Aside from the consistent rental income that you get from owning a rental property, the capital appreciation of rental properties is also quite reliable. A 10-year market data report reveals an 88% increase in the average prices of properties over the last decade. That means, if you bought a piece of property worth $250,000 in 2012, it might have grown to $470,000 in 2022.
Although that’s less than half of the 181.2% growth of the S&P 500 over the last 10 years, investing in a rental property gives you the advantage of control over its value. When you renovate or remodel a property, you are actively increasing its value, thereby increasing the return on your investment.
Although real estate prices have taken large drops in the past like the real estate crash of 2008, it generally isn’t as volatile as other investments like stocks and cryptocurrencies.
This makes putting your money into properties a more stable way of investing than the two investments mentioned above. Plus, since people will always be looking for a home, rental properties are less affected by the swings of the economy.
Another huge advantage of being a rental property investor is that you get lots of tax benefits including:
- Operating expenses deduction
- Mortgage interest deduction
- Depreciation deduction
- Owner expenses deduction
- Exclusion from FICA taxes
Additionally, you can even use a cost segregation study to accelerate the depreciation and offset your income tax giving you a substantial amount of cash that you can use to expand your portfolio.
Can be leveraged to grow your wealth
Leveraging has been a strategy used by investors to grow their wealth. Using leverage, you can own an asset 3 to 4 times the cash you have and earn a steady income from it. You can use your assets as well to leverage acquiring other properties.
Disadvantages of rental property investing
High upfront cost
As we’ve already discussed, owning rental property requires a large upfront cost and continuous operational costs. This makes it a steep barrier for those who want to invest but don’t have enough capital.
If you decide to leverage your property and fail to rent it for the right price or simply can’t find a quality renter, you may have to pay the mortgage with your own money, or worse, risk foreclosure.
It requires a lot of research
In general, investing in any asset requires knowledge. However, running a rental property requires not only knowledge of the housing market but also landlord-tenant laws, state laws, mortgages, and property management.
Plenty of work involved
There is also plenty of work involved in owning a rental property. Unlike investing in stocks, investing in rental properties requires time and effort.
From learning about taxes, laws, and property management to screening tenants, collecting rent, and dealing with renters calling you midday for maintenance requests, all this work piles up and can eat away your precious time.
You do have an option, however, to hire a property management company that can take care of the day-to-day operations of your properties.
For a fee equal to 6-12% of your monthly rent, property management companies will handle all the maintenance and administrative tasks of owning a rental property including:
- Rent collection
- Handling maintenance requests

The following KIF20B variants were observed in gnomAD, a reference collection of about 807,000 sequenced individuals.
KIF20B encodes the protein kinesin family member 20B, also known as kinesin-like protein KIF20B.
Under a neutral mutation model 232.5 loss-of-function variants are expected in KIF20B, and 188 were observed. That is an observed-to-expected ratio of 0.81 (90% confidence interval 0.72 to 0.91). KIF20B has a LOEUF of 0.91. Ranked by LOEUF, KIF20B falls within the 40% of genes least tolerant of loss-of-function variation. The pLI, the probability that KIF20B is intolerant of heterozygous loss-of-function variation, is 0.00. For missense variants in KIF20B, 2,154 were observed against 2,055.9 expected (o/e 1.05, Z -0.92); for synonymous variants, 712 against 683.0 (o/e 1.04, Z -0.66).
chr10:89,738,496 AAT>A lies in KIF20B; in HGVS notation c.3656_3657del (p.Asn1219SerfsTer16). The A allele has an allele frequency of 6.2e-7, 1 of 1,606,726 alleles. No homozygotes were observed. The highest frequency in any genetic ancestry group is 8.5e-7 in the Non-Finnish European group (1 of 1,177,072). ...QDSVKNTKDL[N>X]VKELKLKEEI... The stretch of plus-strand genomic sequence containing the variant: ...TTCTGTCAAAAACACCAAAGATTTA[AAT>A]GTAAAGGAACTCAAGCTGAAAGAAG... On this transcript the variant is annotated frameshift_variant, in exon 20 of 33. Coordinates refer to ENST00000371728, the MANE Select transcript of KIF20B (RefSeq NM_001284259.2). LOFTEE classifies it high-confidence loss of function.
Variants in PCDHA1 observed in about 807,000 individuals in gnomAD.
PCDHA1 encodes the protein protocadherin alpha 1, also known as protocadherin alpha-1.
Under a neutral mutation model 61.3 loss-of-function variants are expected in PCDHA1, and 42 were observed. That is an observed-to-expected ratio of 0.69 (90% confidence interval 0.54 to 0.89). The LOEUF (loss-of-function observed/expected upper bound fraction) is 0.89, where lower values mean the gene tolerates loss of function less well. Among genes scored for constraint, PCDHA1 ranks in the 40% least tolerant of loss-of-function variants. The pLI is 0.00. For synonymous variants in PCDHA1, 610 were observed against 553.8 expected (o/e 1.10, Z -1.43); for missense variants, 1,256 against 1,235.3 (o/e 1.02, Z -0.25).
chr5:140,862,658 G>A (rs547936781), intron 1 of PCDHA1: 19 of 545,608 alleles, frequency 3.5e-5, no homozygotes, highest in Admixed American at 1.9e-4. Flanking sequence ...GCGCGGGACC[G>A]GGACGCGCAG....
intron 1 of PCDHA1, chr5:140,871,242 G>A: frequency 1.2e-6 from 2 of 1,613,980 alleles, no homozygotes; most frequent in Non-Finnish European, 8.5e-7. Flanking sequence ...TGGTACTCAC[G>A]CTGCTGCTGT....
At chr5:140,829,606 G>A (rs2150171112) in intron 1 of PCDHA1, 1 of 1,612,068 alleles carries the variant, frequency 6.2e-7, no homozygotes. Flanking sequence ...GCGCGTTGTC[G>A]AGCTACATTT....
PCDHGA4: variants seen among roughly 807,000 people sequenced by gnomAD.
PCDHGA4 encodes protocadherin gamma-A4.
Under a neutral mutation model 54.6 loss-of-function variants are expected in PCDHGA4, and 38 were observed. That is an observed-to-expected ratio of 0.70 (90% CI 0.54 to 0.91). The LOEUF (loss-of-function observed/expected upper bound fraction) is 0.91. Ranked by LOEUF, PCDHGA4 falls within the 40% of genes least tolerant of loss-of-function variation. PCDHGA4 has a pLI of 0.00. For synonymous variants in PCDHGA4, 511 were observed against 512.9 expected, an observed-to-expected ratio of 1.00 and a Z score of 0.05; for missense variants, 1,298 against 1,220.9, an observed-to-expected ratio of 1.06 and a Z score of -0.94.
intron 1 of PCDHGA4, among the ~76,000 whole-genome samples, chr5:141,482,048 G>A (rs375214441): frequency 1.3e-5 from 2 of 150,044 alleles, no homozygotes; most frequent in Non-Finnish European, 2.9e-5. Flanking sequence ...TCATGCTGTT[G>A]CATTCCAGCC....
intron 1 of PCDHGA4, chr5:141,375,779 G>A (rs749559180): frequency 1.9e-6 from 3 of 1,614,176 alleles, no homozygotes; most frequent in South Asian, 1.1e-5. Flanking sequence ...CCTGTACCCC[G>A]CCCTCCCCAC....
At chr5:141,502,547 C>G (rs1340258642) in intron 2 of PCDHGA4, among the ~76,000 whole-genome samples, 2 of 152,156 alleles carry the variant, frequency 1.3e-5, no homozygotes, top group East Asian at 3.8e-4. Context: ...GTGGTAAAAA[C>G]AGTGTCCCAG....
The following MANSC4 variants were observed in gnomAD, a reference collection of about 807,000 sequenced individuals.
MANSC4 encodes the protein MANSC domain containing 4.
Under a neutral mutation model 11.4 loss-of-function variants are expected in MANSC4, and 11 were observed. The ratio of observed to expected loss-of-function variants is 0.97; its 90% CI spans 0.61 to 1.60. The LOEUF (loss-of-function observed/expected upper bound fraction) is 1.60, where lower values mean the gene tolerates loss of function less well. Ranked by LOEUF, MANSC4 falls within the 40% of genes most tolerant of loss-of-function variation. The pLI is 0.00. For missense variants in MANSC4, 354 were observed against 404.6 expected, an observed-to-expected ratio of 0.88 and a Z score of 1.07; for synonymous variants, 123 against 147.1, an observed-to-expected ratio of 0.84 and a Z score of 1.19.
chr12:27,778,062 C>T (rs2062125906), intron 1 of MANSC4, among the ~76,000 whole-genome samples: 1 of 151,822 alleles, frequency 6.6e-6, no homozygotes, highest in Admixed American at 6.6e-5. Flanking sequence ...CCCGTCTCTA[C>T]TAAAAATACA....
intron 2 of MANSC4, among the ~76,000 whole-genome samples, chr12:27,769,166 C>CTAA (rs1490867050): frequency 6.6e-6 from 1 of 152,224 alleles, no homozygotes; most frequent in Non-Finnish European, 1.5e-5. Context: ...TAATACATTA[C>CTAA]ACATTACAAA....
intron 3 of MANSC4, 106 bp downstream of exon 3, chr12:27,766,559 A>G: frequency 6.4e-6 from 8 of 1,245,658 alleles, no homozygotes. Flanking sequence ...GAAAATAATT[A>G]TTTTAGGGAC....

- Financial Accounting
Some property management companies can market your property, screen applicants, and onboard them for an additional fee. If you’re wondering how much ROI you can get from hiring a professional property management service, you can use Poplar Homes’ ROI calculator.
Liquidity is another aspect that you have to consider in deciding whether or not you want to invest in a rental property.
Real estate, in general, is considered the least liquid of all assets. That means, if you invested a large amount of money in a rental property and you needed cash the following year, you cannot easily sell your rental property to gain access to that cash.
So if you’re investing with money that you might need within the next 5 years, rental property investing might not be the best type of investment for you.
It takes time to grow
You might’ve heard of college dropouts who suddenly became millionaires by investing in cryptocurrencies and tech stocks, but I doubt you’ve heard of instant millionaires who invested in rental properties.
Despite rental property investors being among the wealthiest, you’ll never hear of anyone who instantly became a millionaire by buying a rental property. Why? Because getting rich in real estate is a long process.
Putting it all together: Are rental properties a good investment?
When deciding whether or not a certain type of investment is a good investment, it should come back to your goal as an investor.
Rental properties give you a stable income, decent capital appreciation, and fewer exposures to the wild swings of the market, however, they require a lot of money, knowledge, and effort to own and maintain. Plus, they’re not liquid and take a long time to offer returns.
Investments like stocks and cryptocurrencies, on the other hand, can give you large returns on your investment quicker at the expense of exposing yourself to a greater risk of losing your money. However, they don’t give you a stable income like monthly rent does.
The real question you should ask is if rental properties are a good investment for you. Are you looking for a stable income or a quick profit? Do you mind spending time to make sure your investment goes well or do you want an ultra-passive investment? These are questions that you could ask yourself to determine if you should invest in rental properties or not.
The average yearly return of rental properties is 10.6% which is almost the same as the returns of the S&P500 but with the added benefit of stability and steady cash flow. However, rental properties require a steep upfront cost and time in order to own and run.
Like all types of investments, rental properties have their advantages and disadvantages. As an investor, your job is to weigh them and decide whether or not these pros and cons fit with your investment goals.